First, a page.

It feels like a plot in a Michael Crichton novel, where a specific deadly strain of tuberculosis concentrated in a small neighborhood of a large metropolis wreaks havoc on thousands of people, especially those poor souls who are homeless.
I wish the scenario was simply fiction created by the mind of Crichton for entertainment. But it is not.
Since 2007, the 50-square block neighborhood in the eastern part of downtown Los Angeles, also infamously known as "skid row," has been struggling with a TB outbreak that has already killed 11 people and infected nearly 80, most who were homeless.
Last week, public health officials were in search of 4,500 people who may have been exposed to this deadly disease.
Homeless housing programs in the Los Angeles region, such as the ones I run, have been in high alert, desperately screening new people entering programs, creating "cough lists" of residents with even a slight chance of being infected, and sending people to the clinic especially during this critical flu season.
It is a scary time.
You would think America's pandemic of homelessness, with its people floundering on the streets, would be punishment enough. But no. A deadly epidemic has attacked the health of people living on Los Angeles' streets like some out-of-control terrorist.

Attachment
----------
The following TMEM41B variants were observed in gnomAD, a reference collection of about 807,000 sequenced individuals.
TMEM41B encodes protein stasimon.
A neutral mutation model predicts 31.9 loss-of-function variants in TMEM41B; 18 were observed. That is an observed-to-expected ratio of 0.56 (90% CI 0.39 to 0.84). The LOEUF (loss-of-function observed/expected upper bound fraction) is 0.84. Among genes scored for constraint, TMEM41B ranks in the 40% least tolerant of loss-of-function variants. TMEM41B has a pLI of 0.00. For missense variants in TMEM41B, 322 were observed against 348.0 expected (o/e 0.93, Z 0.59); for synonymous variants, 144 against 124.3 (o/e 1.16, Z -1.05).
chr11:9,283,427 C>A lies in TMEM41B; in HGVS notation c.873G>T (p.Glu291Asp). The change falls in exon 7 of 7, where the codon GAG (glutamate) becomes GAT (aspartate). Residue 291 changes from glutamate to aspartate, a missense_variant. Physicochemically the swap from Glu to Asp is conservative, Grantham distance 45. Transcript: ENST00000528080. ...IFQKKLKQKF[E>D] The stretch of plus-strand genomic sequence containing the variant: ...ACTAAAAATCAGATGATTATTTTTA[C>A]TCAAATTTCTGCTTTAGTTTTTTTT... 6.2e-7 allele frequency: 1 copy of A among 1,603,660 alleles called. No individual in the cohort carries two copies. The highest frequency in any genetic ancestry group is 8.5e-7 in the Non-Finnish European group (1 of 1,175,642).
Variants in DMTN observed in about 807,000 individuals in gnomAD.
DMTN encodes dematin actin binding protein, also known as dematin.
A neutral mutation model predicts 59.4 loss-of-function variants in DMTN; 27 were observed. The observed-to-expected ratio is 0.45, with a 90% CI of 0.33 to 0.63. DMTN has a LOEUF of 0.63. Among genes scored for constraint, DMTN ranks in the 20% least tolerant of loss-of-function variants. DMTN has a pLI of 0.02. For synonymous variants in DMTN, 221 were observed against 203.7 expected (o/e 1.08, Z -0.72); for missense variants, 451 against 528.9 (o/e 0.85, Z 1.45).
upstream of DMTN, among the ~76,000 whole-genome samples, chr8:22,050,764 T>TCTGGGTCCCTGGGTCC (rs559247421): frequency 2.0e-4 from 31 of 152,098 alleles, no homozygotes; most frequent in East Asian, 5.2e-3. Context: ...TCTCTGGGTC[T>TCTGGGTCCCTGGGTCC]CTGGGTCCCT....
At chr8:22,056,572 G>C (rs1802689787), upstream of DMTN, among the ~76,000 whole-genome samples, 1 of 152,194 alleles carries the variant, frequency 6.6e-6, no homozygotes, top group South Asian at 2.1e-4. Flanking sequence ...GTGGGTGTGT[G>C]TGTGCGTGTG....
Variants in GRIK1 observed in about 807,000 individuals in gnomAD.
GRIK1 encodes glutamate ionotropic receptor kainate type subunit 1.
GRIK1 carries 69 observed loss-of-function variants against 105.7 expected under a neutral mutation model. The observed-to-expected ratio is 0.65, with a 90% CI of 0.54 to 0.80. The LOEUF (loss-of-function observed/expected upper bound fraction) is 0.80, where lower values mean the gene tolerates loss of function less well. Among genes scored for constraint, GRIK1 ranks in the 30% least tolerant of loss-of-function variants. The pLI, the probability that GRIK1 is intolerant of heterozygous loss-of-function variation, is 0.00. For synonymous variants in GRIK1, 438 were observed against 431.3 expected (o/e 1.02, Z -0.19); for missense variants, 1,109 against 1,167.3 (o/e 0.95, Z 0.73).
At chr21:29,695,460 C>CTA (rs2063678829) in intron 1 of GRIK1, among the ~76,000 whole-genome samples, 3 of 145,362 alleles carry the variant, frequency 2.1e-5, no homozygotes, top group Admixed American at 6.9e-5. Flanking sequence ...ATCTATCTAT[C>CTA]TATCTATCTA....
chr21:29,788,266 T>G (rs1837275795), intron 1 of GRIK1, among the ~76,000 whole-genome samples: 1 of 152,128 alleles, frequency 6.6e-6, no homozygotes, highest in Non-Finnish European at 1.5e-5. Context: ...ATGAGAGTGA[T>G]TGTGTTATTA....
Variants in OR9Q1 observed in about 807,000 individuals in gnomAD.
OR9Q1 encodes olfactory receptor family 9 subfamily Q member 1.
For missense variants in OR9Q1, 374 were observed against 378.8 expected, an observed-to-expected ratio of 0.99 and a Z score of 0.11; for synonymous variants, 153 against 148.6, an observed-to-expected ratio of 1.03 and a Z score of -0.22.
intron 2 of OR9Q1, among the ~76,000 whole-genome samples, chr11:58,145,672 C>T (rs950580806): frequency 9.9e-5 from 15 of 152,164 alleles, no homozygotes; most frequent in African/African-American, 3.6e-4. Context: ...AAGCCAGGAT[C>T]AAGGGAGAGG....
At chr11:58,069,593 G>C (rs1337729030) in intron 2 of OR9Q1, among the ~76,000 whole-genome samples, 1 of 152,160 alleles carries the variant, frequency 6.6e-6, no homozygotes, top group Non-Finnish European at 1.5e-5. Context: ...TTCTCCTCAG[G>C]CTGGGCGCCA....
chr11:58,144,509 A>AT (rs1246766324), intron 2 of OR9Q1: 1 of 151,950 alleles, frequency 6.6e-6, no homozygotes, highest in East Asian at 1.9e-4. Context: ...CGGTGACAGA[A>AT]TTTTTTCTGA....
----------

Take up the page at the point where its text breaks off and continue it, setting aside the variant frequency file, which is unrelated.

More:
You would also think America would rally support for these people who are homeless. They have become victims of disease, as well as prey to a devastating economy that has forced many to lose their housing.
But a health epidemic among a decades-old homeless population is not the same as supporting victims of a hurricane or earthquake. There are no groups of compassionate volunteers streaming into Southern California wanting to help find the 4,500 people who might be infected. No Red Cross campaigns to raise helpful revenue.
Instead, here in Los Angeles at least, the attention is more focused on local political races or the city's lackluster Lakers, even though the region just counted its homeless population last month.
I wonder what it would take to get this nation's attention directed toward helping its people who are homeless?
Definitely not the rampant baseball bat beatings of people who are homeless. This has been going on for years, without much outrage. Not heat waves where homeless persons die on the streets. Seems like this occurs every summer. And, I guess not health epidemics where nearly a dozen people have died.
Some people think the only way to awaken this country's compassion for people living on the streets is to make homelessness an economic issue. Society can save public funds by housing our homeless neighbors rather than waste dollars through hospitalization, emergency room visits, and other homeless services. It certainly makes sense.
Does a plot of ending homelessness consist of this country pulling itself out of a struggling economy by housing all of its homeless population make for a great Hollywood-ending?
Now, that might be good Crichton fiction.
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